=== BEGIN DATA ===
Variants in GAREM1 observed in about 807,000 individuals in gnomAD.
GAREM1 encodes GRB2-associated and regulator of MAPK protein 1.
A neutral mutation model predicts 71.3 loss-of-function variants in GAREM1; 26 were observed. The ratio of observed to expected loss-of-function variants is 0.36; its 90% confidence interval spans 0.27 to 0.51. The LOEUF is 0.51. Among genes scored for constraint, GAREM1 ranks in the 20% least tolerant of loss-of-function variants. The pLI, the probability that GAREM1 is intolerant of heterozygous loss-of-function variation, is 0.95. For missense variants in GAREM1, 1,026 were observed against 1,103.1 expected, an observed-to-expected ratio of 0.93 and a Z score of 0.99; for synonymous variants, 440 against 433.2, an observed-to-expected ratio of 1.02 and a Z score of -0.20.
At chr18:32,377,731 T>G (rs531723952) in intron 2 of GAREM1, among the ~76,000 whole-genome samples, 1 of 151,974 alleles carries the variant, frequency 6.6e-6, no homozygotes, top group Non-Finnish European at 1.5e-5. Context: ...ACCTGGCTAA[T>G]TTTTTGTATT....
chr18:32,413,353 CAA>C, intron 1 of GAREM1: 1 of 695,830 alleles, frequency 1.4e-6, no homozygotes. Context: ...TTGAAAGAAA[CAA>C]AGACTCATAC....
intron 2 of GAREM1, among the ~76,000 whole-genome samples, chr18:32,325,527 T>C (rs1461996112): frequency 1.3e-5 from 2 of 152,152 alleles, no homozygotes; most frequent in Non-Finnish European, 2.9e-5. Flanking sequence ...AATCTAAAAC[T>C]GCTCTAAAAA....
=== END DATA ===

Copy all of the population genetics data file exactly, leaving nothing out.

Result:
Variants in GAREM1 observed in about 807,000 individuals in gnomAD.
GAREM1 encodes GRB2-associated and regulator of MAPK protein 1.
A neutral mutation model predicts 71.3 loss-of-function variants in GAREM1; 26 were observed. The ratio of observed to expected loss-of-function variants is 0.36; its 90% confidence interval spans 0.27 to 0.51. The LOEUF is 0.51. Among genes scored for constraint, GAREM1 ranks in the 20% least tolerant of loss-of-function variants. The pLI, the probability that GAREM1 is intolerant of heterozygous loss-of-function variation, is 0.95. For missense variants in GAREM1, 1,026 were observed against 1,103.1 expected, an observed-to-expected ratio of 0.93 and a Z score of 0.99; for synonymous variants, 440 against 433.2, an observed-to-expected ratio of 1.02 and a Z score of -0.20.
At chr18:32,377,731 T>G (rs531723952) in intron 2 of GAREM1, among the ~76,000 whole-genome samples, 1 of 151,974 alleles carries the variant, frequency 6.6e-6, no homozygotes, top group Non-Finnish European at 1.5e-5. Context: ...ACCTGGCTAA[T>G]TTTTTGTATT....
chr18:32,413,353 CAA>C, intron 1 of GAREM1: 1 of 695,830 alleles, frequency 1.4e-6, no homozygotes. Context: ...TTGAAAGAAA[CAA>C]AGACTCATAC....
intron 2 of GAREM1, among the ~76,000 whole-genome samples, chr18:32,325,527 T>C (rs1461996112): frequency 1.3e-5 from 2 of 152,152 alleles, no homozygotes; most frequent in Non-Finnish European, 2.9e-5. Flanking sequence ...AATCTAAAAC[T>C]GCTCTAAAAA....